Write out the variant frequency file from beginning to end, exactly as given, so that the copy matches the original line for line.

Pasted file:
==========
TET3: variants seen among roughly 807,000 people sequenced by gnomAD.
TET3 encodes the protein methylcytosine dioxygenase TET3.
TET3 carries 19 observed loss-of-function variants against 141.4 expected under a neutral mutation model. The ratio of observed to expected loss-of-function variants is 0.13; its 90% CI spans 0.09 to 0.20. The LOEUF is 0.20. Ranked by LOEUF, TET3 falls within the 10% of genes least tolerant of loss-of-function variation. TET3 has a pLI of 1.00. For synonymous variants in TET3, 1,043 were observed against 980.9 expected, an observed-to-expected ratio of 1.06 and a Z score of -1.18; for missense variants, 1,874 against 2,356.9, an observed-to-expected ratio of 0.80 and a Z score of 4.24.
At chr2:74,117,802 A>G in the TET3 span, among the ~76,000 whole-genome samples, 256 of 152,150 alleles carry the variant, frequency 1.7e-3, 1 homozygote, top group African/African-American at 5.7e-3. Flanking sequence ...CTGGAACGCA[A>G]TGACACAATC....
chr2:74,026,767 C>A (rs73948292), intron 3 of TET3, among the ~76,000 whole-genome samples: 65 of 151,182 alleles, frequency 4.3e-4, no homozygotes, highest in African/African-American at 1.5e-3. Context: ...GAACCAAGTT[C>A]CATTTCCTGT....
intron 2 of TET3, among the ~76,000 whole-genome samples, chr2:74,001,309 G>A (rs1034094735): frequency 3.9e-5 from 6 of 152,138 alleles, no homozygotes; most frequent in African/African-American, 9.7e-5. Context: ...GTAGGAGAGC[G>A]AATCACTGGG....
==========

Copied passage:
TET3: variants seen among roughly 807,000 people sequenced by gnomAD.
TET3 encodes the protein methylcytosine dioxygenase TET3.
TET3 carries 19 observed loss-of-function variants against 141.4 expected under a neutral mutation model. The ratio of observed to expected loss-of-function variants is 0.13; its 90% CI spans 0.09 to 0.20. The LOEUF is 0.20. Ranked by LOEUF, TET3 falls within the 10% of genes least tolerant of loss-of-function variation. TET3 has a pLI of 1.00. For synonymous variants in TET3, 1,043 were observed against 980.9 expected, an observed-to-expected ratio of 1.06 and a Z score of -1.18; for missense variants, 1,874 against 2,356.9, an observed-to-expected ratio of 0.80 and a Z score of 4.24.
At chr2:74,117,802 A>G in the TET3 span, among the ~76,000 whole-genome samples, 256 of 152,150 alleles carry the variant, frequency 1.7e-3, 1 homozygote, top group African/African-American at 5.7e-3. Flanking sequence ...CTGGAACGCA[A>G]TGACACAATC....
chr2:74,026,767 C>A (rs73948292), intron 3 of TET3, among the ~76,000 whole-genome samples: 65 of 151,182 alleles, frequency 4.3e-4, no homozygotes, highest in African/African-American at 1.5e-3. Context: ...GAACCAAGTT[C>A]CATTTCCTGT....
intron 2 of TET3, among the ~76,000 whole-genome samples, chr2:74,001,309 G>A (rs1034094735): frequency 3.9e-5 from 6 of 152,138 alleles, no homozygotes; most frequent in African/African-American, 9.7e-5. Context: ...GTAGGAGAGC[G>A]AATCACTGGG....